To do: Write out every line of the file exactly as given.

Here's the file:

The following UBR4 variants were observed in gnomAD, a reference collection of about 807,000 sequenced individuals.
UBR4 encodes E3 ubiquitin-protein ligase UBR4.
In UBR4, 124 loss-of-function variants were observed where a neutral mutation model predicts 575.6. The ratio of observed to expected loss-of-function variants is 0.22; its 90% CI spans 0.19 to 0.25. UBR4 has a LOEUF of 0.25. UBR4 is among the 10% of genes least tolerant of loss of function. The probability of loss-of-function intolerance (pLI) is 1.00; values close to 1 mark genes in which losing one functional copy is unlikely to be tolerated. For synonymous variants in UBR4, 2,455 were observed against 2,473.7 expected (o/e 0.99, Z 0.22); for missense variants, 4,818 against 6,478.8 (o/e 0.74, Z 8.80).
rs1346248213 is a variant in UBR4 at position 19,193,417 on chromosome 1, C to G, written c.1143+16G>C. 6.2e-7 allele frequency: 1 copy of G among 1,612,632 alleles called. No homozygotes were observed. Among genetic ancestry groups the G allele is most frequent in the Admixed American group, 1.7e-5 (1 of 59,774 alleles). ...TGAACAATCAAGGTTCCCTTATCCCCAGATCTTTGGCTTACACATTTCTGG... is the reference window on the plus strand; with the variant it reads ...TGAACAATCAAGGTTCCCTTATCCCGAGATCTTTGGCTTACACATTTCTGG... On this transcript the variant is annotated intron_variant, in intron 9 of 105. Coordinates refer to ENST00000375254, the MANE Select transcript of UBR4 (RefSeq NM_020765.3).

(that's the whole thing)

The following UBR4 variants were observed in gnomAD, a reference collection of about 807,000 sequenced individuals.
UBR4 encodes E3 ubiquitin-protein ligase UBR4.
In UBR4, 124 loss-of-function variants were observed where a neutral mutation model predicts 575.6. The ratio of observed to expected loss-of-function variants is 0.22; its 90% CI spans 0.19 to 0.25. UBR4 has a LOEUF of 0.25. UBR4 is among the 10% of genes least tolerant of loss of function. The probability of loss-of-function intolerance (pLI) is 1.00; values close to 1 mark genes in which losing one functional copy is unlikely to be tolerated. For synonymous variants in UBR4, 2,455 were observed against 2,473.7 expected (o/e 0.99, Z 0.22); for missense variants, 4,818 against 6,478.8 (o/e 0.74, Z 8.80).
rs1346248213 is a variant in UBR4 at position 19,193,417 on chromosome 1, C to G, written c.1143+16G>C. 6.2e-7 allele frequency: 1 copy of G among 1,612,632 alleles called. No homozygotes were observed. Among genetic ancestry groups the G allele is most frequent in the Admixed American group, 1.7e-5 (1 of 59,774 alleles). ...TGAACAATCAAGGTTCCCTTATCCCCAGATCTTTGGCTTACACATTTCTGG... is the reference window on the plus strand; with the variant it reads ...TGAACAATCAAGGTTCCCTTATCCCGAGATCTTTGGCTTACACATTTCTGG... On this transcript the variant is annotated intron_variant, in intron 9 of 105. Coordinates refer to ENST00000375254, the MANE Select transcript of UBR4 (RefSeq NM_020765.3).